If you installed a trial version of Acrobat Pro DC and want to revert to Acrobat XI when the trial is completed, you’ll find instructions to do so here.

Forms & Flash: Adobe has retired the Adobe FormsCentral desktop app and has reduced support for Flash-compatible videos. If either of these are important to you, move forward cautiously. Acrobat DC includes three tools that help you create and enhance fillable PDF forms so the capability is not lost, but there is a learning curve for learning the new tools. Regarding Flash, you will be able to view files with Flash components if they were created in previous Acrobat versions, but you will not be able to embed Flash in files created in Acrobat DC.

Training: From what we’ve seen online, design bloggers are loving Acrobat DC. We haven’t used it enough to fall into the “loving it” community yet. It is fully redesigned, so be prepared for a loss of productivity for some period of time after upgrading. In the long run the newer version should make you and your staff more efficient, but in the meantime…prepare for weeping and gnashing of teeth.

System Requirements: Acrobat Pro DC is compatible with the following operating systems, mobile platforms, and browsers.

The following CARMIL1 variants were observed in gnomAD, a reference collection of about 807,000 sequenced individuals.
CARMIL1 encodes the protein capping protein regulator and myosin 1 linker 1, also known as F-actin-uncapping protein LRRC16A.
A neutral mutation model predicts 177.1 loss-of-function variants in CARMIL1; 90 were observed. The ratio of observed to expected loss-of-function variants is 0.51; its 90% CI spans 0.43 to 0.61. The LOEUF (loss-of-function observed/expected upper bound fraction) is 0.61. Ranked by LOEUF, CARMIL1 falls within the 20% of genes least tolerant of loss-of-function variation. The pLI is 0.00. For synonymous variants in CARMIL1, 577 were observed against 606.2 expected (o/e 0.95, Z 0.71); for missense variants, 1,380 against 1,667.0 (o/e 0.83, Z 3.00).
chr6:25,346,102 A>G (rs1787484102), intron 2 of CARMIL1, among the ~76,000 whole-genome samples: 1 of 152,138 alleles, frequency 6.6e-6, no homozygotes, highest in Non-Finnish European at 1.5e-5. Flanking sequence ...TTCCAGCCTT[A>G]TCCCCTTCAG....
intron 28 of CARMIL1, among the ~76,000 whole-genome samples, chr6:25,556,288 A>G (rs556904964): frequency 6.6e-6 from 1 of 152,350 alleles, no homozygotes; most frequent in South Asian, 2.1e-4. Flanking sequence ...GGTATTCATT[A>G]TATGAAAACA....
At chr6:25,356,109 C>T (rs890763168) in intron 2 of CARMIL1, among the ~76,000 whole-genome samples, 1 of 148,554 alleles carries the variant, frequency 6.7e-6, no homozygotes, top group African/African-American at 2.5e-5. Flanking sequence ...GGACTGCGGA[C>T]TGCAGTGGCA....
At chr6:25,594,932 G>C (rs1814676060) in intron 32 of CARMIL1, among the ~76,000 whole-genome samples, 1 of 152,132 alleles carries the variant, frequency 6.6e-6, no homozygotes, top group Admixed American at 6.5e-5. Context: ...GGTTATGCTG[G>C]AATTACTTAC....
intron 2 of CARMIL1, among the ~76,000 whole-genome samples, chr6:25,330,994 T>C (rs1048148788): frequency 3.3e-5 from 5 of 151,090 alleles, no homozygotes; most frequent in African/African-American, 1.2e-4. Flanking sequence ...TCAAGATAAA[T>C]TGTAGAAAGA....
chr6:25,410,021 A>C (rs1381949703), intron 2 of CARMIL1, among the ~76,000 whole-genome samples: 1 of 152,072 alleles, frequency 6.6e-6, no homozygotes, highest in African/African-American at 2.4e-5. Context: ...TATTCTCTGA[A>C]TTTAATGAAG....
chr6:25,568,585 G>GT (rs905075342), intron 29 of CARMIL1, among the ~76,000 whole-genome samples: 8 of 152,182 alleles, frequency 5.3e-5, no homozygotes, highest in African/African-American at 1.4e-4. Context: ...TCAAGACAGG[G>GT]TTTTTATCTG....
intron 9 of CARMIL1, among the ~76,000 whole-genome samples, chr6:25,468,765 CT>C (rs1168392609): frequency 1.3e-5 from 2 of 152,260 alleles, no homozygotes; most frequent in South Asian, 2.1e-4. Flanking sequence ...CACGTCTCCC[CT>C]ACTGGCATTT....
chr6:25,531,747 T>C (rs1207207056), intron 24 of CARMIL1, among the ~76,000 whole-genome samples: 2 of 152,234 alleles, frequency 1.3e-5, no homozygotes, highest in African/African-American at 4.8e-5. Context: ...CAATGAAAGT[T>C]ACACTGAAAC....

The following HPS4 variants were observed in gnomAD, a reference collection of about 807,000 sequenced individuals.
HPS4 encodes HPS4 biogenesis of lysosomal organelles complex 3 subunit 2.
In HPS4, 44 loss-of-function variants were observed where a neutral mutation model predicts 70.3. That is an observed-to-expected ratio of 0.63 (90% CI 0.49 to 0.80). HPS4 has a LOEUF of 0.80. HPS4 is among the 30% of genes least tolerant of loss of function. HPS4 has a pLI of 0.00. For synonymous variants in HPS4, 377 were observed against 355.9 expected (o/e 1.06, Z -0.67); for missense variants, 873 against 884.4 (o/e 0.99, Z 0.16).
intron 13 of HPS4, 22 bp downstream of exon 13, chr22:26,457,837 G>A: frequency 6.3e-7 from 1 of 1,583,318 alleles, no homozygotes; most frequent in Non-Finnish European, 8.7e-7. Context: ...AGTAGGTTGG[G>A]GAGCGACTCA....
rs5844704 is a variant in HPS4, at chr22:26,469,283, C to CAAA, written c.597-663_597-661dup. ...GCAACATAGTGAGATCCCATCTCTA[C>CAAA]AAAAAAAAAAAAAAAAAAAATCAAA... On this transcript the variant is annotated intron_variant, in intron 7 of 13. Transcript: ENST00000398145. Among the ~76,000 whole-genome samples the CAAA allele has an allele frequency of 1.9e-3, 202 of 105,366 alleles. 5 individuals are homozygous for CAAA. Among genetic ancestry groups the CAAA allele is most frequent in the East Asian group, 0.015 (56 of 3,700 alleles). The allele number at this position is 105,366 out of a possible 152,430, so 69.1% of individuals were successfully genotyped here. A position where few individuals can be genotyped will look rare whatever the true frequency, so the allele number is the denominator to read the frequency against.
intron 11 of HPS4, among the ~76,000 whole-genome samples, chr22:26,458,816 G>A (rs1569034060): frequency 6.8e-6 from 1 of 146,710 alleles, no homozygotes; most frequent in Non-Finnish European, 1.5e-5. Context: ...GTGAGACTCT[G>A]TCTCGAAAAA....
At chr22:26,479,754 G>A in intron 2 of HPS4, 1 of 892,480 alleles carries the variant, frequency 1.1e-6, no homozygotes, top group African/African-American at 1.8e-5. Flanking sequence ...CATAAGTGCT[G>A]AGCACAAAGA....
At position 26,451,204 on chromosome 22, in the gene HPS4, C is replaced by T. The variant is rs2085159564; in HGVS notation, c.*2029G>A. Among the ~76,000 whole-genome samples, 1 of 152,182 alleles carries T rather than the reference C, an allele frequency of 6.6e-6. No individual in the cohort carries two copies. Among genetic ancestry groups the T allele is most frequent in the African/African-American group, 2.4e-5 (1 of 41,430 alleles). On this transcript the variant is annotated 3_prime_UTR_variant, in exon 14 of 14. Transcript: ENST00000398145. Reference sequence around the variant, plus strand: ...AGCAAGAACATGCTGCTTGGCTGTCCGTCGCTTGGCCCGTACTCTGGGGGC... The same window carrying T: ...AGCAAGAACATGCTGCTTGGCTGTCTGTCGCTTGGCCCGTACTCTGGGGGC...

Desktop Compatibility:

  • Windows 7 (32 bit and 64 bit)
  • Windows 8 (32 bit and 64 bit)
  • Windows Server 2008 R2 (64 bit)
  • Windows Server 2012 (64 bit)
  • Mac OS X v10.9
  • Mac OS X v10.10

Mobile Compatibility:

  • iOS
  • Android
  • Windows Phone (Note that the Adobe Fill & Sign DC and Adobe eSign Manager components are not compatible with Windows Phone.)

Browser Compatibility: Acrobat Pro DC works with various versions of Internet Explorer, Safari, Firefox, and Chrome.

You’ll find more details on system requirements here.

More Info: A good place to start is the Acrobat Pro DC FAQ on Adobe’s site.

Acrobat DC Family of Programs and Purchasing Options

Adobe Acrobat has been available in multiple editions — Acrobat Reader, Acrobat Standard, and Acrobat Pro, and there is has often been much confusion about them.

The Reader program is available for free and provides the capability to view PDFs and, to some extent, interact with them. Acrobat Reader allows the user to fill in forms, sign and add comments to documents. The new Reader DC is still free and also works on touch-enabled devices and allows the user to store and share files online.

Acrobat Standard and Pro editions have given the user the capability to create documents with a lot more functionality, such as embedded multimedia, saving websites as an Acrobat document, control over document security, and a host of other specialized abilities. The new Acrobat DC is also available in either Standard or Pro editions.

Both Acrobat Standard and Acrobat Pro can be purchased as a perpetual license (which they call “desktop”) or by subscription. The subscription includes regular updates to the DC program as they are made. Pricing is as follows:

Acrobat DC Reader Acrobat DC Standard Acrobat DC Pro
Desktop Subscription Desktop Subscription
Free $299 $12.99/month $449 $14.99/month

If you’re ready to buy, you can purchase your copy here.

Our next blog will discuss some of the new capabilities of the Acrobat DC Standard and Pro versions.